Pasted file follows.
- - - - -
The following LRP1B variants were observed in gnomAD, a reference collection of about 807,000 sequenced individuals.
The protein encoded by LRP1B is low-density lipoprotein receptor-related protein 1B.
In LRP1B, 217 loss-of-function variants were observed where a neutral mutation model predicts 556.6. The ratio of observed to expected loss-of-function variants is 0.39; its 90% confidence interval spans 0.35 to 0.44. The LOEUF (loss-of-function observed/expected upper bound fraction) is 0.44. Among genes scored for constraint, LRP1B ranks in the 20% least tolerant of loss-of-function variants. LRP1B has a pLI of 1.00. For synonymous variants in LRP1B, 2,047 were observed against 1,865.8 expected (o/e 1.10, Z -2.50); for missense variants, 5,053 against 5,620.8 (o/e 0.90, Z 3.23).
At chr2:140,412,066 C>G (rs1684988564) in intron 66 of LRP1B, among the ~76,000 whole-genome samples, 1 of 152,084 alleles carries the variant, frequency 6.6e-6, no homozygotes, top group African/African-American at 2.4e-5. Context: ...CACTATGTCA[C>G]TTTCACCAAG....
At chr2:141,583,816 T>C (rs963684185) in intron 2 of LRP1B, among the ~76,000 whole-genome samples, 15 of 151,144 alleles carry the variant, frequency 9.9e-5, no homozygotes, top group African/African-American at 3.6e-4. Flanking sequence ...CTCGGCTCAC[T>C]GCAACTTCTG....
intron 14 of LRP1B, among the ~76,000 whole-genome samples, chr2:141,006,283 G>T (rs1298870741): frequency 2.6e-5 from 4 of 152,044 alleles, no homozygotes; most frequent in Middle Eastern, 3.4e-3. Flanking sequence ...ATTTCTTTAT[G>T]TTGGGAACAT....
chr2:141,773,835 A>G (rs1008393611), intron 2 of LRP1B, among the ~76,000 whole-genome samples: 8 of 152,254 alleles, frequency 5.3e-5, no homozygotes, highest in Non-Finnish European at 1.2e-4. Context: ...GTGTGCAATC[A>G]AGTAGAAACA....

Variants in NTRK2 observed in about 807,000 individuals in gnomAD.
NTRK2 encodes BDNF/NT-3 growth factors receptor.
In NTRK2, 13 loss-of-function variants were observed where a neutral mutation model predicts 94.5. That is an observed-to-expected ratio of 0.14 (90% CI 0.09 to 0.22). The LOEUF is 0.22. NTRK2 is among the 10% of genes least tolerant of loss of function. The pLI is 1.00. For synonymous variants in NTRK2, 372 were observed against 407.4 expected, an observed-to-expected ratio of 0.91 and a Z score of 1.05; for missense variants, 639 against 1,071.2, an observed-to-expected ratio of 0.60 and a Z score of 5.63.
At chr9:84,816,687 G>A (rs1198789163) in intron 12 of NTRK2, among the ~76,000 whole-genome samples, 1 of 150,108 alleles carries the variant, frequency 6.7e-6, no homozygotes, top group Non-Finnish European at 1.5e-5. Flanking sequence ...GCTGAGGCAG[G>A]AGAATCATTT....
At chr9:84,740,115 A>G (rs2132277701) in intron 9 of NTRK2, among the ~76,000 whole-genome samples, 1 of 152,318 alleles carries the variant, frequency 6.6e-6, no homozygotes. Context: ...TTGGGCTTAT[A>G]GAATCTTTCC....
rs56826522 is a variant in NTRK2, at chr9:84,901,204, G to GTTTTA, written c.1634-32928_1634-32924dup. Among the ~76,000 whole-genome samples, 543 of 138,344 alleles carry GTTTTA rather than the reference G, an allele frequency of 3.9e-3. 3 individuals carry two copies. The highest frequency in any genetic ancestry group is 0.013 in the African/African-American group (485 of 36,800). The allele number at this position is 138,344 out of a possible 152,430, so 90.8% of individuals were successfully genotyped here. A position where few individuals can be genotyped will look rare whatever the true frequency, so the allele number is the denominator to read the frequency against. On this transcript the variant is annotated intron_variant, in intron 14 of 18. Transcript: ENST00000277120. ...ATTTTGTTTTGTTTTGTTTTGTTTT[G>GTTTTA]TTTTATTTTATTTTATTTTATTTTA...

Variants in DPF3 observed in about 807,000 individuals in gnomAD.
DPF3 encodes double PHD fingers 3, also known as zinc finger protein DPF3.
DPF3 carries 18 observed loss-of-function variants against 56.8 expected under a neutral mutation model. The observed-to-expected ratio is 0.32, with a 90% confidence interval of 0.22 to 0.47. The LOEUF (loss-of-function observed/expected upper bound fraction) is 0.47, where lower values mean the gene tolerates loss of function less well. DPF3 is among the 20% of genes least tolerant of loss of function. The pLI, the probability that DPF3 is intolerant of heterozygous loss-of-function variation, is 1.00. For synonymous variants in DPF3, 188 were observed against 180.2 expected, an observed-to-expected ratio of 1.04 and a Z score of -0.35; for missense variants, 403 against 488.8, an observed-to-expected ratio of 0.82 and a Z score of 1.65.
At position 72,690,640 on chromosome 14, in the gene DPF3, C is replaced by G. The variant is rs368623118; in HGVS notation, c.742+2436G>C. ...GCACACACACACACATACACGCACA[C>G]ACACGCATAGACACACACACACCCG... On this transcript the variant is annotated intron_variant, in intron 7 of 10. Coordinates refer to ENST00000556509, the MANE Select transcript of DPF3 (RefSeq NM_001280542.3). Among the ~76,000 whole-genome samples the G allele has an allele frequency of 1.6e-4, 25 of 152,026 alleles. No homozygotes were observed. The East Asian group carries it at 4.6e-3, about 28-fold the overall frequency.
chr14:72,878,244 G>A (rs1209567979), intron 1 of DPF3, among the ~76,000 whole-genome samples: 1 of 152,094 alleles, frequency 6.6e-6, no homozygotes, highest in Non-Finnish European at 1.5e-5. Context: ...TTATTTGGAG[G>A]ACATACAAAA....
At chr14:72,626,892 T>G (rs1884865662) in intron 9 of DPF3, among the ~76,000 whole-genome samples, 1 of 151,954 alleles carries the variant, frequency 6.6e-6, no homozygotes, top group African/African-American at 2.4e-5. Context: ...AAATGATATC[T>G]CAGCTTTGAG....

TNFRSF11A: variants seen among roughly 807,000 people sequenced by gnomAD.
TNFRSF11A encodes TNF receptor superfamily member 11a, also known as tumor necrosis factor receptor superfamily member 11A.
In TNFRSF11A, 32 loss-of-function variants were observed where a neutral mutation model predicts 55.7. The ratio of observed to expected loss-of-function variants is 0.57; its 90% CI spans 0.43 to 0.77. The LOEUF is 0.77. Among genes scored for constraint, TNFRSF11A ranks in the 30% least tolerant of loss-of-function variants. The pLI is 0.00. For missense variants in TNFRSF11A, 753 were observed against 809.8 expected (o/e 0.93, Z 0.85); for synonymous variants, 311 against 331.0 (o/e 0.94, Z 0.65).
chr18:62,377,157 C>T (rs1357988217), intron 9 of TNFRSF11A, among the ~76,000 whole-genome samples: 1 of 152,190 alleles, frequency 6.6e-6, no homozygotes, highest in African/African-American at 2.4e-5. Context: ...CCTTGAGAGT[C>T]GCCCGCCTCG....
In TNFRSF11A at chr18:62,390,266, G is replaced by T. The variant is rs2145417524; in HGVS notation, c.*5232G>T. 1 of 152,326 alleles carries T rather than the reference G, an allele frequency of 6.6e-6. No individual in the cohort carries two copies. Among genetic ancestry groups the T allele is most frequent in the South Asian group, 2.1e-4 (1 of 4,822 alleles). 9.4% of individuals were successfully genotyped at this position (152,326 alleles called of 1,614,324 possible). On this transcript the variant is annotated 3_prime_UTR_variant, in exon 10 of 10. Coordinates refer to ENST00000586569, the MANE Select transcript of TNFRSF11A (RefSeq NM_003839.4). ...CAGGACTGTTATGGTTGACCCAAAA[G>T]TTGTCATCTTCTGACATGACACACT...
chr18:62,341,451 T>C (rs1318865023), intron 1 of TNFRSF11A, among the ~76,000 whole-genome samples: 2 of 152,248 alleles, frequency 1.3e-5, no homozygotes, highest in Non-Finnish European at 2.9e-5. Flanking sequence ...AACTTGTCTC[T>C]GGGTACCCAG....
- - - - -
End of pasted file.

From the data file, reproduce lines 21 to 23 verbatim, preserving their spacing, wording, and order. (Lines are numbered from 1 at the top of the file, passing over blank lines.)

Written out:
TNFRSF11A encodes TNF receptor superfamily member 11a, also known as tumor necrosis factor receptor superfamily member 11A.
In TNFRSF11A, 32 loss-of-function variants were observed where a neutral mutation model predicts 55.7. The ratio of observed to expected loss-of-function variants is 0.57; its 90% CI spans 0.43 to 0.77. The LOEUF is 0.77. Among genes scored for constraint, TNFRSF11A ranks in the 30% least tolerant of loss-of-function variants. The pLI is 0.00. For missense variants in TNFRSF11A, 753 were observed against 809.8 expected (o/e 0.93, Z 0.85); for synonymous variants, 311 against 331.0 (o/e 0.94, Z 0.65).
chr18:62,377,157 C>T (rs1357988217), intron 9 of TNFRSF11A, among the ~76,000 whole-genome samples: 1 of 152,190 alleles, frequency 6.6e-6, no homozygotes, highest in African/African-American at 2.4e-5. Context: ...CCTTGAGAGT[C>T]GCCCGCCTCG....